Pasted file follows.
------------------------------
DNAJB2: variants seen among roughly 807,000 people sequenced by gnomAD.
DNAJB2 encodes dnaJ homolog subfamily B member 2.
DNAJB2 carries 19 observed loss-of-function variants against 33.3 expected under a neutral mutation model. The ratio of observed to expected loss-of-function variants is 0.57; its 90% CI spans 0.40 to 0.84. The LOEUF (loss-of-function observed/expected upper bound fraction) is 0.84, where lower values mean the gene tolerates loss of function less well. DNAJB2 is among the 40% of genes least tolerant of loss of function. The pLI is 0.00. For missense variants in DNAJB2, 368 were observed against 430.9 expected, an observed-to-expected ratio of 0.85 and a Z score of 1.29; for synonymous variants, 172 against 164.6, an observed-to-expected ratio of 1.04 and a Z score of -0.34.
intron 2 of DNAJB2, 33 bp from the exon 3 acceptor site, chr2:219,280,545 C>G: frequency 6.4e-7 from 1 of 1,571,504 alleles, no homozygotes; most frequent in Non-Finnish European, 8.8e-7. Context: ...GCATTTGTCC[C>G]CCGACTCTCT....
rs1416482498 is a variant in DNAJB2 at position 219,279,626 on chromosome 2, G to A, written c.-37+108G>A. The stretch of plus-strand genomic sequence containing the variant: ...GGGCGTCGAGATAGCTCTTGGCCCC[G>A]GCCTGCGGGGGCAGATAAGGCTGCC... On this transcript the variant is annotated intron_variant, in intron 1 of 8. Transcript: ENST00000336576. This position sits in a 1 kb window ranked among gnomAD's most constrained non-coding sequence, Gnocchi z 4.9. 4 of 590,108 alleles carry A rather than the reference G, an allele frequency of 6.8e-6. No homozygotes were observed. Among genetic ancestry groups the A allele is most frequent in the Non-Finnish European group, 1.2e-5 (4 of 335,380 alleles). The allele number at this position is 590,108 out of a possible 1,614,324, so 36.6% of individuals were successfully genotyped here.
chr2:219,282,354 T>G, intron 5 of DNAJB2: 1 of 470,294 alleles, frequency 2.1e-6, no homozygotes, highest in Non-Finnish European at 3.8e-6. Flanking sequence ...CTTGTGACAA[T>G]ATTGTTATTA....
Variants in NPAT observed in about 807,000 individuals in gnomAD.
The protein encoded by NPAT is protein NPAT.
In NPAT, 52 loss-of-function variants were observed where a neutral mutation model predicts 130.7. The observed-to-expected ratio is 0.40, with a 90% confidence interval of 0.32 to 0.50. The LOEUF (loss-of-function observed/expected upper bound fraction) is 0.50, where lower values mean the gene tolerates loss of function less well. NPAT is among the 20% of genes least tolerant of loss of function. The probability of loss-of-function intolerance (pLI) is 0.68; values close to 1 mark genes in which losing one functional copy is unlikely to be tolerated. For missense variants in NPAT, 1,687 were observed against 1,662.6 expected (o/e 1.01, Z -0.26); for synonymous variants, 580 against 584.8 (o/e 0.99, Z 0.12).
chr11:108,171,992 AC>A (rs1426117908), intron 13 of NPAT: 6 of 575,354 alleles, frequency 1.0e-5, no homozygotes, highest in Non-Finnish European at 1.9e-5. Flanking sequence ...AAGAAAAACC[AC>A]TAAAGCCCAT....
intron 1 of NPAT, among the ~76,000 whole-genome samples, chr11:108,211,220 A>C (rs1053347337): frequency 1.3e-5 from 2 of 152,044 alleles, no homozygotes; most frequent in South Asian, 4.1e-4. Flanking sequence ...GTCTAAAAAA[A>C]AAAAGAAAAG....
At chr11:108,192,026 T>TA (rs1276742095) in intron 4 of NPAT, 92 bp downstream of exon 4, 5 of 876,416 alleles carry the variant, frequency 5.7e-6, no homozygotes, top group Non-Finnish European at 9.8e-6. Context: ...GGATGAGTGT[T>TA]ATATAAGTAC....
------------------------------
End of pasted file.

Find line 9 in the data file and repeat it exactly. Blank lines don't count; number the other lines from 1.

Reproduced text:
In NPAT, 52 loss-of-function variants were observed where a neutral mutation model predicts 130.7. The observed-to-expected ratio is 0.40, with a 90% confidence interval of 0.32 to 0.50. The LOEUF (loss-of-function observed/expected upper bound fraction) is 0.50, where lower values mean the gene tolerates loss of function less well. NPAT is among the 20% of genes least tolerant of loss of function. The probability of loss-of-function intolerance (pLI) is 0.68; values close to 1 mark genes in which losing one functional copy is unlikely to be tolerated. For missense variants in NPAT, 1,687 were observed against 1,662.6 expected (o/e 1.01, Z -0.26); for synonymous variants, 580 against 584.8 (o/e 0.99, Z 0.12).